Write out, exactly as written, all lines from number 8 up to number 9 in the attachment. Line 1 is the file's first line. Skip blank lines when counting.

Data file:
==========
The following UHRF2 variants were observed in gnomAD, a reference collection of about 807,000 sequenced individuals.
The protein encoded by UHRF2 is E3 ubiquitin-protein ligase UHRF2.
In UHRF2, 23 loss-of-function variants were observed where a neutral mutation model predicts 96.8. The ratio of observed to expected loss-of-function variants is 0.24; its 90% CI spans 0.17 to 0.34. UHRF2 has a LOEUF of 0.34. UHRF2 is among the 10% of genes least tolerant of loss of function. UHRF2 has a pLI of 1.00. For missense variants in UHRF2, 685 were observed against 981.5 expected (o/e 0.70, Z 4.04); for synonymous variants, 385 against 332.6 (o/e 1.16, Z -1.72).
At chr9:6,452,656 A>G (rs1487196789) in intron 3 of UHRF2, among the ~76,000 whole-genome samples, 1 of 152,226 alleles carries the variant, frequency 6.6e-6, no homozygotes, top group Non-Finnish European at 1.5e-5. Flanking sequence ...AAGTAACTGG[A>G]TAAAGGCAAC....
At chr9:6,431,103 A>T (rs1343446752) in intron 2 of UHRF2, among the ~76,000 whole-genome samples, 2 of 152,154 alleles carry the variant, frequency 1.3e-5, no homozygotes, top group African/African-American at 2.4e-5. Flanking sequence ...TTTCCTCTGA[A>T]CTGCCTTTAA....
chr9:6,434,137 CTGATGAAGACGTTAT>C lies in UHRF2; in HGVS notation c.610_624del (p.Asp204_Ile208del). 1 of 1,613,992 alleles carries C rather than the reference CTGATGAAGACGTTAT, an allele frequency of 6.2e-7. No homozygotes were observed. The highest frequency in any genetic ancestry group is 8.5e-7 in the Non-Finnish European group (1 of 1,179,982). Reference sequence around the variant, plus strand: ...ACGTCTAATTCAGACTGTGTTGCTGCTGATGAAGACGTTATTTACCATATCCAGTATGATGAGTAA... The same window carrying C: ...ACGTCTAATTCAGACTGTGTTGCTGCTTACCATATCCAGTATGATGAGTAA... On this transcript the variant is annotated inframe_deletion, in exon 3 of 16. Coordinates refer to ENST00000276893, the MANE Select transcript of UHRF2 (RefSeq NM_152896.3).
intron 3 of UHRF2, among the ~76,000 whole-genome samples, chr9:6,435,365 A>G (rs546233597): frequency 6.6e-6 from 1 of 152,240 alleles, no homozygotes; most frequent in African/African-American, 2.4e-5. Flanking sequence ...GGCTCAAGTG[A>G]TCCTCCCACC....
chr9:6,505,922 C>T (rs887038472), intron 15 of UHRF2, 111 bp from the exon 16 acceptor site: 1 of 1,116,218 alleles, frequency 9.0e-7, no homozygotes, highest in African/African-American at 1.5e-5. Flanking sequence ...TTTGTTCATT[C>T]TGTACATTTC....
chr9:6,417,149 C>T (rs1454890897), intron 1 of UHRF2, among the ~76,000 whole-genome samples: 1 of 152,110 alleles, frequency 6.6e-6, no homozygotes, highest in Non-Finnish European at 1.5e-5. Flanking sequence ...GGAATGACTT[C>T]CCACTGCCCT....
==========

chr9:6,505,922 C>T (rs887038472), intron 15 of UHRF2, 111 bp from the exon 16 acceptor site: 1 of 1,116,218 alleles, frequency 9.0e-7, no homozygotes, highest in African/African-American at 1.5e-5. Flanking sequence ...TTTGTTCATT[C>T]TGTACATTTC....
chr9:6,417,149 C>T (rs1454890897), intron 1 of UHRF2, among the ~76,000 whole-genome samples: 1 of 152,110 alleles, frequency 6.6e-6, no homozygotes, highest in Non-Finnish European at 1.5e-5. Flanking sequence ...GGAATGACTT[C>T]CCACTGCCCT....